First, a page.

I tend to agree with your line of thinking that belief is more automatic, and less of a choice. But perhaps this is just a turn of phrase that doesn't mean *exactly* 'choosing' to believe a fact/claim, just something similar or reminiscent of this idea, namely choosing to give someone trust or credibility, and thus later on accepting their claims as true based on this trust.

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Hambydammit
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 Part of the difficulty in

 Part of the difficulty in discussing choice is defining choice.  There are several ways to look at it.  The first -- and the way most people think of it colloquially -- is simply the selecting of one out of multiple options.  All animals with the capability for locomotion make these choices.  Imagine an ant walking along the forest floor.  As it walks forward, it encounters a large rock.  There are several things that the ant might do.  It might attempt to climb over the rock by continuing to walk forward.  It might turn left or right, or it might turn around and walk back the way it came.  It might also stand still without moving for some length of time.

At some point, if the ant doesn't die, it will walk in some direction.  We can say that it has chosen one option out of many.

Most people are not comfortable with equating human choice to ant choice.  After all, we are sentient, and ants are not.  When we think of a choice, we are thinking of a set of options which we weigh mentally, forming projections about possible outcomes, and doing cost benefit analyses based on our predictions.  Once we have done all of these mental calculations, we "decide" on one choice which seems best to us.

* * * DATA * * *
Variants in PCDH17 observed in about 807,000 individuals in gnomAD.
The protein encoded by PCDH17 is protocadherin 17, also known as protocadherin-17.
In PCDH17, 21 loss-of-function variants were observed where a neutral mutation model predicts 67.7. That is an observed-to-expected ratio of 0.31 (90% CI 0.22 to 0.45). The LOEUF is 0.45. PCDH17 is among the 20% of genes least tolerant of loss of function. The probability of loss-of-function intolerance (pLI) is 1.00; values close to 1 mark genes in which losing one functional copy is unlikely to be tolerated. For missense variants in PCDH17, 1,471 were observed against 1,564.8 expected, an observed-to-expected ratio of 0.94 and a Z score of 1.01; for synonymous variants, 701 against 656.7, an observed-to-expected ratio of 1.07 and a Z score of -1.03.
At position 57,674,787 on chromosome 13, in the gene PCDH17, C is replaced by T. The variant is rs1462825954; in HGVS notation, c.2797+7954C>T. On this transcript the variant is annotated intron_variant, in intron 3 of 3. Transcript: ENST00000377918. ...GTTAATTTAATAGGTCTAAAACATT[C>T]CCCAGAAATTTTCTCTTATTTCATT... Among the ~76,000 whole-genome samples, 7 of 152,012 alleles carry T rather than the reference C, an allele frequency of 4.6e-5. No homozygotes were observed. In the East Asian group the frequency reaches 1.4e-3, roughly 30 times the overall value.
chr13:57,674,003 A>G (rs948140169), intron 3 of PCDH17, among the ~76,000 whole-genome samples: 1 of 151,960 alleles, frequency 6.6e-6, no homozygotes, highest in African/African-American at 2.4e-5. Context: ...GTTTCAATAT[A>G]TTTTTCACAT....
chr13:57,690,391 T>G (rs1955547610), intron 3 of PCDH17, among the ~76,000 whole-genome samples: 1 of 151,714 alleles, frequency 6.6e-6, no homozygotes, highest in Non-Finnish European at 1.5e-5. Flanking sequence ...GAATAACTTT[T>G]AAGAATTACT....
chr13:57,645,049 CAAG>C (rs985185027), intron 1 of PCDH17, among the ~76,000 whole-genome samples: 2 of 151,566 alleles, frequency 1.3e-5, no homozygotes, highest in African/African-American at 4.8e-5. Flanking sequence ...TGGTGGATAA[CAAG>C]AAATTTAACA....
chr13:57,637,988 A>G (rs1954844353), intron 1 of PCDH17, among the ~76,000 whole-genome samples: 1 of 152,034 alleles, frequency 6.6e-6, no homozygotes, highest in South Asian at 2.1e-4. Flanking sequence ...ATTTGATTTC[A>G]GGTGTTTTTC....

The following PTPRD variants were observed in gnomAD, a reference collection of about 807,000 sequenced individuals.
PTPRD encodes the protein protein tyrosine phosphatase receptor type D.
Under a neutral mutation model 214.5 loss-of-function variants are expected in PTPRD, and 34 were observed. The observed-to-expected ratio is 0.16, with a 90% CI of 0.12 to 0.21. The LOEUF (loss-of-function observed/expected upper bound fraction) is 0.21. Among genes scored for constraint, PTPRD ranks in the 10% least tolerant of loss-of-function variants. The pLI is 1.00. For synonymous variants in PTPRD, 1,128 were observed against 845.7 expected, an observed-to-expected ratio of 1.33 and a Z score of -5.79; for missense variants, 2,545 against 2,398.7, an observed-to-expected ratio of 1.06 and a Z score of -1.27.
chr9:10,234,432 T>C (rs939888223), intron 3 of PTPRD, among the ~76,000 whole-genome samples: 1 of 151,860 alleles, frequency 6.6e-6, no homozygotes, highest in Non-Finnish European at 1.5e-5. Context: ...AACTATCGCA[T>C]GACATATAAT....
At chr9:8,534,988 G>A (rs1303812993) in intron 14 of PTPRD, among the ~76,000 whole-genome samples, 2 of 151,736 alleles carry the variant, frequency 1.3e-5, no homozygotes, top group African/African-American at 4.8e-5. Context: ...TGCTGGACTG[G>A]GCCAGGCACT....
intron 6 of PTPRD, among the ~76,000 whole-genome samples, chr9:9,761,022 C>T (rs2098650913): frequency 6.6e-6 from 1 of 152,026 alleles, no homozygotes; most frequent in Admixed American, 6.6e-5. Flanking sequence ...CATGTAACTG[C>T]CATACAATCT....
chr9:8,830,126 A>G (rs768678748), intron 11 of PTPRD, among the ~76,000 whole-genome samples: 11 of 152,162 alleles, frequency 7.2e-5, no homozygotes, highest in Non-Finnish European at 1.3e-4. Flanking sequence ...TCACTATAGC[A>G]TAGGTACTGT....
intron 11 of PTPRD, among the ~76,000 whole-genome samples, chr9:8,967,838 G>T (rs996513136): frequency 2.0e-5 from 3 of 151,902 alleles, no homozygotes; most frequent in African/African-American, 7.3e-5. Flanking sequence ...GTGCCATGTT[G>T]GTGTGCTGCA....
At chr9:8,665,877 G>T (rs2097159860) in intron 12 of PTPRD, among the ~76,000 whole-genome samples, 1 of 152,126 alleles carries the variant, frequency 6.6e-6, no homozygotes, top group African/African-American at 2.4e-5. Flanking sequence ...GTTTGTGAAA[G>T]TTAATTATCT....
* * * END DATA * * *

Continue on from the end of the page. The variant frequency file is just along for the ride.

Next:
Having said all of that, I will say that I do not believe in "free will" or "free choice."  The simple reason is right in front of our faces when we look at any human making a choice.  In fact, I said it outright in the last paragraph.  After weighing our options and making predictions, we decide to do what we think is best.

Language can be a real son-of-a-bitch, and can get in the way of understanding concepts like this, but I cannot for my life think of a single example of a human making a choice that couldn't be described as "the choice that seemed best at the time."  In other words, we can say that across the board, humans always opt for the choice they believe to be best.  If that's the case, then there's no element of unpredictability -- just an element of ignorance.  In other words, if we had a massive supercomputer that could exactly replicate the totality of experience/knowledge and the exact "algorithm" used by the brain in question, we could predict what the person would decide.